The BBC reports that "Abductor caught on CCTV is jailed"
"Dieter Graw, 47, tried to kidnap the 16-year-old in Adwick, Doncaster, in June 2003. The footage caused outrage when it was screened on TV."
The implication of this and other media headlines reporting this case is that somehow CCTV surveillance was instrumental in foiling the attempted attack on the girl walking home alone early in the morning.
In fact, CCTV had nothing to do with this incident:
"An off-duty police officer, Pc Noel Duke, had seen the girl walking alone and had alerted colleagues.
They trained CCTV cameras on the area and police arrived at the scene seconds after Graw ran away"
The CCTV footage, shown over and over again, due to the long distance between the camera and the incident, added nothing to the description of the attacker compiled from the statements from the girl and the policemen who arrived on the scene after a few seconds.
This police patrol was already on its way, and had nothing to do with the CCTV surveillance of the scene. In fact there does not seem to be any way for the CCTV operators to communicate in real time with such a patrol, if, for example,, they could see where the suspect was hidden, and the police patrol could not. As it happened the suspect simply ran off out of sight of the cameras and evaded the police patrol on the night.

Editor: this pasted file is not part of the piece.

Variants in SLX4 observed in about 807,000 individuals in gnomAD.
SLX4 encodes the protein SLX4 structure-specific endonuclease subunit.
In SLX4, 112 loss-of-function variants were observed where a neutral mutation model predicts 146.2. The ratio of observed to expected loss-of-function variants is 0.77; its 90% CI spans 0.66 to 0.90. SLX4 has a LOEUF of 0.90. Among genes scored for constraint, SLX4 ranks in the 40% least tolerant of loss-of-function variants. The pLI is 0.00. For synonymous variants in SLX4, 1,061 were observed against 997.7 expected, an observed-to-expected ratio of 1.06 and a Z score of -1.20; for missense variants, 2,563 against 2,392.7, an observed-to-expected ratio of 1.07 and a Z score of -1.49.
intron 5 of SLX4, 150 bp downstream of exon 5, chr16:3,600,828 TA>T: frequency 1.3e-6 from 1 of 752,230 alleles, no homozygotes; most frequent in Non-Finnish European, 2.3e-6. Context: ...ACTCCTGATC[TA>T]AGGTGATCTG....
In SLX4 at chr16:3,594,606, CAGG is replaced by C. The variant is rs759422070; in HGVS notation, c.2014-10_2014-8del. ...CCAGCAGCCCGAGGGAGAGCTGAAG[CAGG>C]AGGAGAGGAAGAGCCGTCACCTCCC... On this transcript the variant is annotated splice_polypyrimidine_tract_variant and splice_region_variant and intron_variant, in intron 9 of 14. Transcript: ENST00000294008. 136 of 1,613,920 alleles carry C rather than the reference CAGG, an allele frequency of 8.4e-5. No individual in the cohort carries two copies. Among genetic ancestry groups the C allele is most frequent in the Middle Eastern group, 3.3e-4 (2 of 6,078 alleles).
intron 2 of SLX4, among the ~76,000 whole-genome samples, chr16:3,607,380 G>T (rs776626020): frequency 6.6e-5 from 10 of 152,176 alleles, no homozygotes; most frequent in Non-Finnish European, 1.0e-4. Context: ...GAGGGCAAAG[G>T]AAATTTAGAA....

The attacker was obviously not detrred from committing a crime by the presence of CCTV surveillance, which he was probably unaware of.
All that the CCTV system did, was to provide "soundbite" video clips and still frame grabs for the ghoulish media to drool over and rebroadcast and republish.
This case should not be used as an example of the effectiveness of CCTV surveillance in preventing or fighting street crimes.